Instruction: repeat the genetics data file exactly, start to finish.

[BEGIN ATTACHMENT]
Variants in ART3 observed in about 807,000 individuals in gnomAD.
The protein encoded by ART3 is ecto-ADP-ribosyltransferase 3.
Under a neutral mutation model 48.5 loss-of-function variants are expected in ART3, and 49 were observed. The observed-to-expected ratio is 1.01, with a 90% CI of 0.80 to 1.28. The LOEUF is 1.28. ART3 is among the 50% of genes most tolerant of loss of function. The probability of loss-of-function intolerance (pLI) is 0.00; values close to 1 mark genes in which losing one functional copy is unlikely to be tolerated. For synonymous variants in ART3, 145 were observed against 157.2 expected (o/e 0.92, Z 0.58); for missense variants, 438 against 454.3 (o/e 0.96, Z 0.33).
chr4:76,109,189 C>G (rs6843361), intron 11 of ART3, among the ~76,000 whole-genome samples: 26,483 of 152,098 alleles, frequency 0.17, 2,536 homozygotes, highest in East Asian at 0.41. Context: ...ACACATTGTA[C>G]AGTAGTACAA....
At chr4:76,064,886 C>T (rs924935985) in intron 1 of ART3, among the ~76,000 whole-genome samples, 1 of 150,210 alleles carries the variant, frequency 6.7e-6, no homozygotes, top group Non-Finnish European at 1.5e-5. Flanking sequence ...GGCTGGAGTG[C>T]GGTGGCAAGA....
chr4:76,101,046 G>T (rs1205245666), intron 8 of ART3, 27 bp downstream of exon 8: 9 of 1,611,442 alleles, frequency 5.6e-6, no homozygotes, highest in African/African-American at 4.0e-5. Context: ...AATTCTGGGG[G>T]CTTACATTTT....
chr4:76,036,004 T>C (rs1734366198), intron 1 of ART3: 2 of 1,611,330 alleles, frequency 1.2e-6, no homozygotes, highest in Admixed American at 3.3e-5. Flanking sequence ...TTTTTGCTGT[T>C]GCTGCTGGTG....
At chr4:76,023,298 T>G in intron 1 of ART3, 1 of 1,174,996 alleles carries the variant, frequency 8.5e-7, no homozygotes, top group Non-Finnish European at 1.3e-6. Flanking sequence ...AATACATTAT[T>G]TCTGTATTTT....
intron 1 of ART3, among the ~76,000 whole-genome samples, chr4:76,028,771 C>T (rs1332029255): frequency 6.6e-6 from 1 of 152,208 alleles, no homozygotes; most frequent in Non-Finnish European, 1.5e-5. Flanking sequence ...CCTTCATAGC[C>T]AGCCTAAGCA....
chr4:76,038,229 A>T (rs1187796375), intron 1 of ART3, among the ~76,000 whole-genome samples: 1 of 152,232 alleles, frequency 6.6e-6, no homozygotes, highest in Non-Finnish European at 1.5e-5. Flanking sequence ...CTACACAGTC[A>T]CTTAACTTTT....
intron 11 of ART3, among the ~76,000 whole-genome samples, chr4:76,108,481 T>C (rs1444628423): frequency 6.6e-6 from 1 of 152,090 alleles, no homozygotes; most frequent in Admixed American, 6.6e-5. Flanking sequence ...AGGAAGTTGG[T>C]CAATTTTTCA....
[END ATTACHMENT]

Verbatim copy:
Variants in ART3 observed in about 807,000 individuals in gnomAD.
The protein encoded by ART3 is ecto-ADP-ribosyltransferase 3.
Under a neutral mutation model 48.5 loss-of-function variants are expected in ART3, and 49 were observed. The observed-to-expected ratio is 1.01, with a 90% CI of 0.80 to 1.28. The LOEUF is 1.28. ART3 is among the 50% of genes most tolerant of loss of function. The probability of loss-of-function intolerance (pLI) is 0.00; values close to 1 mark genes in which losing one functional copy is unlikely to be tolerated. For synonymous variants in ART3, 145 were observed against 157.2 expected (o/e 0.92, Z 0.58); for missense variants, 438 against 454.3 (o/e 0.96, Z 0.33).
chr4:76,109,189 C>G (rs6843361), intron 11 of ART3, among the ~76,000 whole-genome samples: 26,483 of 152,098 alleles, frequency 0.17, 2,536 homozygotes, highest in East Asian at 0.41. Context: ...ACACATTGTA[C>G]AGTAGTACAA....
At chr4:76,064,886 C>T (rs924935985) in intron 1 of ART3, among the ~76,000 whole-genome samples, 1 of 150,210 alleles carries the variant, frequency 6.7e-6, no homozygotes, top group Non-Finnish European at 1.5e-5. Flanking sequence ...GGCTGGAGTG[C>T]GGTGGCAAGA....
chr4:76,101,046 G>T (rs1205245666), intron 8 of ART3, 27 bp downstream of exon 8: 9 of 1,611,442 alleles, frequency 5.6e-6, no homozygotes, highest in African/African-American at 4.0e-5. Context: ...AATTCTGGGG[G>T]CTTACATTTT....
chr4:76,036,004 T>C (rs1734366198), intron 1 of ART3: 2 of 1,611,330 alleles, frequency 1.2e-6, no homozygotes, highest in Admixed American at 3.3e-5. Flanking sequence ...TTTTTGCTGT[T>C]GCTGCTGGTG....
At chr4:76,023,298 T>G in intron 1 of ART3, 1 of 1,174,996 alleles carries the variant, frequency 8.5e-7, no homozygotes, top group Non-Finnish European at 1.3e-6. Flanking sequence ...AATACATTAT[T>G]TCTGTATTTT....
intron 1 of ART3, among the ~76,000 whole-genome samples, chr4:76,028,771 C>T (rs1332029255): frequency 6.6e-6 from 1 of 152,208 alleles, no homozygotes; most frequent in Non-Finnish European, 1.5e-5. Flanking sequence ...CCTTCATAGC[C>T]AGCCTAAGCA....
chr4:76,038,229 A>T (rs1187796375), intron 1 of ART3, among the ~76,000 whole-genome samples: 1 of 152,232 alleles, frequency 6.6e-6, no homozygotes, highest in Non-Finnish European at 1.5e-5. Flanking sequence ...CTACACAGTC[A>T]CTTAACTTTT....
intron 11 of ART3, among the ~76,000 whole-genome samples, chr4:76,108,481 T>C (rs1444628423): frequency 6.6e-6 from 1 of 152,090 alleles, no homozygotes; most frequent in Admixed American, 6.6e-5. Flanking sequence ...AGGAAGTTGG[T>C]CAATTTTTCA....